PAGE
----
The opinion of Judge Brailsford follows:
Plaintiff's intestate was killed in an automobile accident near Winnsboro, South Carolina, on June 8, 1954. He was at the time an invited guest in a 1953 Ford which belonged to the defendant F.A. Coley, a resident of Gastonia, North Carolina. The other occupants of the car were F.A. Coley, Jr., son of the owner, and one Merceder Hernandez, who was driving at the time of the accident. Both were non-residents of South Carolina and they too died of injuries sustained.
After the appointment of a South Carolina administrator of the estate of F.A. Coley, Jr., and of Merceder Hernandez under Section 10-212, Code of 1952, two actions were brought against the administrator thus appointed and F.A. Coley, one for wrongful death and one for injuries to plaintiff's intestate.
The validity of the appointment of the South Carolina administrator was challenged and plaintiff has taken voluntary nonsuits as to the defendants other than F.A. Coley. This defendant was served with process through the Chief Highway Commissioner, pursuant to Section 46-104, Code of 1952. He has made a special appearance for the purpose of questioning the jurisdiction of the court and moves to set aside the purported service on him on the ground that "the complaint shows upon its face that at the time of the alleged accident the defendant, F.A. Coley, was not operating the automobile nor was it being operated for him or under his control or direction, express or implied."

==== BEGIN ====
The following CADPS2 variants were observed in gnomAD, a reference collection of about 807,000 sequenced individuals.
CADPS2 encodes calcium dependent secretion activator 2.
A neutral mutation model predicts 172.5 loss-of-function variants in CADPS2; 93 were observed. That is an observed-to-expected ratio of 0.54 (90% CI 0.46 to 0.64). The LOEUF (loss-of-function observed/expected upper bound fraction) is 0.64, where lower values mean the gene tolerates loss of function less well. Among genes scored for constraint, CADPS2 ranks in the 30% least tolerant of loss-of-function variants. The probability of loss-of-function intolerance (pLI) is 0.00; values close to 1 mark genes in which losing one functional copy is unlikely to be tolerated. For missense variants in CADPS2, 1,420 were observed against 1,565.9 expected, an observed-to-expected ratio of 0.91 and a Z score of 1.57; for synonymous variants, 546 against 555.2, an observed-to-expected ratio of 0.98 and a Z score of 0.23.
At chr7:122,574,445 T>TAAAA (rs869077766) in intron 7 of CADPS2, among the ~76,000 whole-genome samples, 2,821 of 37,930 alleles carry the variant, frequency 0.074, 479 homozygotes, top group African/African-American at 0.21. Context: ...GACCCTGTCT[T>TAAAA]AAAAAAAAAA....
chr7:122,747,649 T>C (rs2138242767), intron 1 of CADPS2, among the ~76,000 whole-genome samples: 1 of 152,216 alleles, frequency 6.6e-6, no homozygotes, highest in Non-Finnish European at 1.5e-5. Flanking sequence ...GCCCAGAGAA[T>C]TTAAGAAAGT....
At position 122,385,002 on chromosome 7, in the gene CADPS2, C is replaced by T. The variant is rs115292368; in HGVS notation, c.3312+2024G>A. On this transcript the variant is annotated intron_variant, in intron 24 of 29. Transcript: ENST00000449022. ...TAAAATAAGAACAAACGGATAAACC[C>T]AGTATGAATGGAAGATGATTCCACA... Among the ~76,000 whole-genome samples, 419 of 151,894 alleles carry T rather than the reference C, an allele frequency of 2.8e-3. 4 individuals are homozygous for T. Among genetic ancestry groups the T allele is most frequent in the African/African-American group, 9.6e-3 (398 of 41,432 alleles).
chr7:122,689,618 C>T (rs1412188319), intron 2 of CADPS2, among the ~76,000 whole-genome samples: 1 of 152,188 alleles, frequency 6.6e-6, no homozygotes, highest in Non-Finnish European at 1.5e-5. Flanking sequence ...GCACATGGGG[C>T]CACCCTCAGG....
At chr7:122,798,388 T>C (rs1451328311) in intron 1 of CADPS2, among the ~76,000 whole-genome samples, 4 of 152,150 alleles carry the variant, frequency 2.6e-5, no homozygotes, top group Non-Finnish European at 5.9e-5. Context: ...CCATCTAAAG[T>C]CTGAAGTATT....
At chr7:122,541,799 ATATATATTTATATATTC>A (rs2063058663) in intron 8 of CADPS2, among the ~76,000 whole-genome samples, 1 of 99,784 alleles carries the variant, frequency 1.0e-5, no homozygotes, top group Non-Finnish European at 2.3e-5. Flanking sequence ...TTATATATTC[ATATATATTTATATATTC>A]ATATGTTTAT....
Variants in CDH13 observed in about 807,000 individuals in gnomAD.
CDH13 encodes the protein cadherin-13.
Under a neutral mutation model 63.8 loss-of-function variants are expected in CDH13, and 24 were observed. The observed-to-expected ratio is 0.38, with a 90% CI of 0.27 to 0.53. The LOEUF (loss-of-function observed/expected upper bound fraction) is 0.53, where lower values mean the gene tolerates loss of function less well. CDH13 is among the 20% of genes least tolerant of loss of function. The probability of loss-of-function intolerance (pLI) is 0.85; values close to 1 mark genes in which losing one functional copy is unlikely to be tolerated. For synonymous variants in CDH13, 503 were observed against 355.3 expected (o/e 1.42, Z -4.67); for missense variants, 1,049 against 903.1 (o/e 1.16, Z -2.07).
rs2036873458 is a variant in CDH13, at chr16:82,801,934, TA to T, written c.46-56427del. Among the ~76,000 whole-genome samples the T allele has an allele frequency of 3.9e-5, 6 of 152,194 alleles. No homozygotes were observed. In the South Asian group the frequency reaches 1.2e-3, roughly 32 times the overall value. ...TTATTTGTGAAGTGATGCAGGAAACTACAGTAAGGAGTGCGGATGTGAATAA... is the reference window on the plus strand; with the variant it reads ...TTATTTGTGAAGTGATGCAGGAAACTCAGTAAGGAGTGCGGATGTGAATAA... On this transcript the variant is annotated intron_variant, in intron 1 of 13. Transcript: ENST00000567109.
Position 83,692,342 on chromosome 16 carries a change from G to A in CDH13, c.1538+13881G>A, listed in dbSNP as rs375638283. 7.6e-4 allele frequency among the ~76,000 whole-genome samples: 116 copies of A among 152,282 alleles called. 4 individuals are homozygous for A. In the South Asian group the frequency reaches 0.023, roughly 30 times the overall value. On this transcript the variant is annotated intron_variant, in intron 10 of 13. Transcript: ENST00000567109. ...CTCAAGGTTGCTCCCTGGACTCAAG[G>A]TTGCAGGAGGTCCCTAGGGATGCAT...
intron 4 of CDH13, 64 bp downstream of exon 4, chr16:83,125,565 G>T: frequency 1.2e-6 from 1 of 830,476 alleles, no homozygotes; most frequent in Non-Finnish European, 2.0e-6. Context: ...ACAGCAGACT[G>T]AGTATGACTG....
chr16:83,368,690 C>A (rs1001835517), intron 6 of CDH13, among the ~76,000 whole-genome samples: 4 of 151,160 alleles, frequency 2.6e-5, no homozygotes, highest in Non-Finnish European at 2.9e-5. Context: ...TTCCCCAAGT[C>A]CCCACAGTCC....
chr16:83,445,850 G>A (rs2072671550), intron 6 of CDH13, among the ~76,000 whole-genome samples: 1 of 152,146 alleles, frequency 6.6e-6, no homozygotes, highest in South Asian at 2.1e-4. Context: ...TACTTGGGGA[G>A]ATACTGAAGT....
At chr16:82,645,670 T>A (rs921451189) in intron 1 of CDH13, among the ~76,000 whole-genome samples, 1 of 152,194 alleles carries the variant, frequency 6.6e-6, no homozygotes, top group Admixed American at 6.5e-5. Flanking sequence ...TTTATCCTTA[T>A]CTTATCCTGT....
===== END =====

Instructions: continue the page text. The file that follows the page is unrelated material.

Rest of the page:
The complaint against this defendant is squarely based upon the family purpose doctrine. I do not understand that the defendant intends to challenge the sufficiency of its allegations to state a cause of action against him. Agency is the genesis of this doctrine, which is the settled law of this state. Mooney v. Gilbreath, 124 S.C. 1, 117 S.E. 186. It is immaterial to its application that the actual operation of the automobile was by a companion of the son for whom it was maintained and to whom it was furnished by the defendant. Burbage v. Curry, 127 S.C. 349, 121 S.E. 267; Goss v. Williams, 196 N.C. 213, 145 S.E. 169; Golden v. Medford, 62 Ga. App. 229, 8 S.E.2d 531.
We apparently have no case involving constructive service on a non-resident owner sued in this state under the family purpose doctrine. The point has been decided with logic adversely to defendant's contention by the Supreme Court of our sister state, of which he is a resident. Ewing v. Thompson, 233 N.C. 564, 65 S.E.2d 17.
The ground of the motion to set aside the service is not sustained by the allegations of the complaint, especially in the light of applicable legal principles; and no other evidence thereof has been offered. The motion must be denied in each case and the defendant given twenty days after notice of the filing of this order, which will be applicable to both actions, to answer the complaint. And,
The issue presented by the single exception on appeal in this case is correctly decided in the order of Judge Brailsford. The exception is overruled and the order is adopted as the judgment of this court.
© 1992-2003 VersusLaw ...